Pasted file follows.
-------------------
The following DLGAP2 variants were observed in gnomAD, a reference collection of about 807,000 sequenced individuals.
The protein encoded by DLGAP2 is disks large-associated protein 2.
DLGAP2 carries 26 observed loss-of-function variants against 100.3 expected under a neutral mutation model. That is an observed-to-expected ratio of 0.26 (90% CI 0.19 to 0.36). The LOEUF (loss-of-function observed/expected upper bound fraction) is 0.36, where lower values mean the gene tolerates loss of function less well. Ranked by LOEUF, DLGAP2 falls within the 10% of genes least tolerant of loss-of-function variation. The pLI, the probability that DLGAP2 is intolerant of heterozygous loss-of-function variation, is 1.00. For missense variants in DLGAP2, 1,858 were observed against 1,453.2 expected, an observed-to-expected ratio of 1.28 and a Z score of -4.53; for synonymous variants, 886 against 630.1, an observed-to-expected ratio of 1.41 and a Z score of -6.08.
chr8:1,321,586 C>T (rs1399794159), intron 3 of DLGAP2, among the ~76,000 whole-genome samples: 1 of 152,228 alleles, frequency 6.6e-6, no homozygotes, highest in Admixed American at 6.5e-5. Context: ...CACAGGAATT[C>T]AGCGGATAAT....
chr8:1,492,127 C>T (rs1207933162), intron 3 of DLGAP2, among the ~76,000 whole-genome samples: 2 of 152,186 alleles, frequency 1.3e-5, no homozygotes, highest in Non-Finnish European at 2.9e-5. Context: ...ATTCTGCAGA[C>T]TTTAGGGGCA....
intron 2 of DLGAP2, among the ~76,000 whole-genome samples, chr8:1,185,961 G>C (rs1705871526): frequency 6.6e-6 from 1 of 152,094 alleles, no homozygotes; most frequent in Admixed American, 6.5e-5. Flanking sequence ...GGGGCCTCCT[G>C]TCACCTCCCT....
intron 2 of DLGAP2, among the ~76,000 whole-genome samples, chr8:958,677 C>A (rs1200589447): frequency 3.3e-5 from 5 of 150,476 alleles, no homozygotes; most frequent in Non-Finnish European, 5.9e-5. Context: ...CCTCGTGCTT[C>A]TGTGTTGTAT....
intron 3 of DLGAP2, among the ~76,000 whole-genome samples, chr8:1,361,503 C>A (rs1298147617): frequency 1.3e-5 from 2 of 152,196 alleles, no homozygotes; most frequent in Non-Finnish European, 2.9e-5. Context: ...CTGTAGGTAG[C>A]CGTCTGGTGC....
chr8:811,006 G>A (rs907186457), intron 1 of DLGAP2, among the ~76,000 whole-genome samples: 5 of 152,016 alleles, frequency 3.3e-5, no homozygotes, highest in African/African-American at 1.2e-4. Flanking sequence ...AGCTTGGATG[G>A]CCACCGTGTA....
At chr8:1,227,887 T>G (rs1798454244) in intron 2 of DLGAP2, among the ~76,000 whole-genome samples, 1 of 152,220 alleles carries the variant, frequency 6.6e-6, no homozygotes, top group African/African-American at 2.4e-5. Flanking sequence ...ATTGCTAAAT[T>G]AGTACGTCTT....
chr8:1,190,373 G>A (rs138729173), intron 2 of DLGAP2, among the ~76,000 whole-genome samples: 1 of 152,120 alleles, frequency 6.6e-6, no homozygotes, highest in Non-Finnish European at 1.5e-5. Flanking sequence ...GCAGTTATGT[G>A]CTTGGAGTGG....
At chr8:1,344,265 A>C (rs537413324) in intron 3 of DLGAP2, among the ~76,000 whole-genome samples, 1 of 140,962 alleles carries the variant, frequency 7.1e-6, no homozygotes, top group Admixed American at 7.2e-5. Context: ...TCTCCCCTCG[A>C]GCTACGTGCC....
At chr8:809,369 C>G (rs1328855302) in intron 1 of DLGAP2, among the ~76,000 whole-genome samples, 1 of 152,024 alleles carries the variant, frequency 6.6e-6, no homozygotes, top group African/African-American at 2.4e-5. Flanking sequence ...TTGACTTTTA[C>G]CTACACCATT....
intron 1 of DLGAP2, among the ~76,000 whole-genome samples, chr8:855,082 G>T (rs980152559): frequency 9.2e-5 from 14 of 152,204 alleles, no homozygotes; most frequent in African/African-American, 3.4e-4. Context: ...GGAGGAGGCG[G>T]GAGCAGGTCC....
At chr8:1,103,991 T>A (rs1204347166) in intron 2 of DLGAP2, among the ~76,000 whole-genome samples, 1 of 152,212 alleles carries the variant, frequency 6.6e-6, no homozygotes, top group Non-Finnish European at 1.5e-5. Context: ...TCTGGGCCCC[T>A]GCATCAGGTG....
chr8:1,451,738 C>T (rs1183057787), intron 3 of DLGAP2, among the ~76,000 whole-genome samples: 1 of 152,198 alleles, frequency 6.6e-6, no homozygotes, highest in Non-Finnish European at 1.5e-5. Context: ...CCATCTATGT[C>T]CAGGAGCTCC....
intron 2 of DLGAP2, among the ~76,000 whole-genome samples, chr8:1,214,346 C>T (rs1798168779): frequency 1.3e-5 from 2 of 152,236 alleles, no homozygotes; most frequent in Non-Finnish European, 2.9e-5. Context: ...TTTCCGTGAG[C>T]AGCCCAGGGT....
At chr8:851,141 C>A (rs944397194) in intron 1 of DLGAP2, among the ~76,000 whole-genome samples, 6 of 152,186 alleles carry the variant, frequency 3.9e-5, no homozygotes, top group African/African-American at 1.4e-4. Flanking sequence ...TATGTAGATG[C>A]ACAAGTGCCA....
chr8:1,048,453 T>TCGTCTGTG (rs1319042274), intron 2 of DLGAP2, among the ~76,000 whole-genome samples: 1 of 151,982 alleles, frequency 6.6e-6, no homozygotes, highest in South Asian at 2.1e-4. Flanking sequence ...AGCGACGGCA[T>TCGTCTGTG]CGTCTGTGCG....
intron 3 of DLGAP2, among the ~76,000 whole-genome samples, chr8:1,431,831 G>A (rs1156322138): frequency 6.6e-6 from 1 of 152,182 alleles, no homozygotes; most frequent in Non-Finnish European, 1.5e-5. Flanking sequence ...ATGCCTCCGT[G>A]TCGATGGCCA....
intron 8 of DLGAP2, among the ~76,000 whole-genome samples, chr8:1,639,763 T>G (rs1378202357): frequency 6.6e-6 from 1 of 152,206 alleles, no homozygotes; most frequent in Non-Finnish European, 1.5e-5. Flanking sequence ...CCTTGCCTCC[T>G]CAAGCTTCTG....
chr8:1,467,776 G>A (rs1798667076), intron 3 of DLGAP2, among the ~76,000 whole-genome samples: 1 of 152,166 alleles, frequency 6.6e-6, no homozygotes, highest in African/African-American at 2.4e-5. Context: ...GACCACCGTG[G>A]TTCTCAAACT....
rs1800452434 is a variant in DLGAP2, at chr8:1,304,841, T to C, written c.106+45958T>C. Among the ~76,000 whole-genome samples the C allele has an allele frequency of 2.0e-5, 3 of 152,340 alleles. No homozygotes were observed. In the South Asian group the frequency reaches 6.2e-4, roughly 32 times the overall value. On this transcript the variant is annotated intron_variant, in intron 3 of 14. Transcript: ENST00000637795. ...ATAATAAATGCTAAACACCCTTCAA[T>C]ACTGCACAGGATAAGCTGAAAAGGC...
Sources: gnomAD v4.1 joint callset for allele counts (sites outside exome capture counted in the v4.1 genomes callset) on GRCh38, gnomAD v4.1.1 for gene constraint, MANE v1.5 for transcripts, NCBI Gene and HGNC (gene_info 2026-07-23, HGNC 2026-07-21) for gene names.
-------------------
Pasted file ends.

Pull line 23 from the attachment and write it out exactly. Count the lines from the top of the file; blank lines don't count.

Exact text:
rs1800452434 is a variant in DLGAP2, at chr8:1,304,841, T to C, written c.106+45958T>C. Among the ~76,000 whole-genome samples the C allele has an allele frequency of 2.0e-5, 3 of 152,340 alleles. No homozygotes were observed. In the South Asian group the frequency reaches 6.2e-4, roughly 32 times the overall value. On this transcript the variant is annotated intron_variant, in intron 3 of 14. Transcript: ENST00000637795. ...ATAATAAATGCTAAACACCCTTCAA[T>C]ACTGCACAGGATAAGCTGAAAAGGC...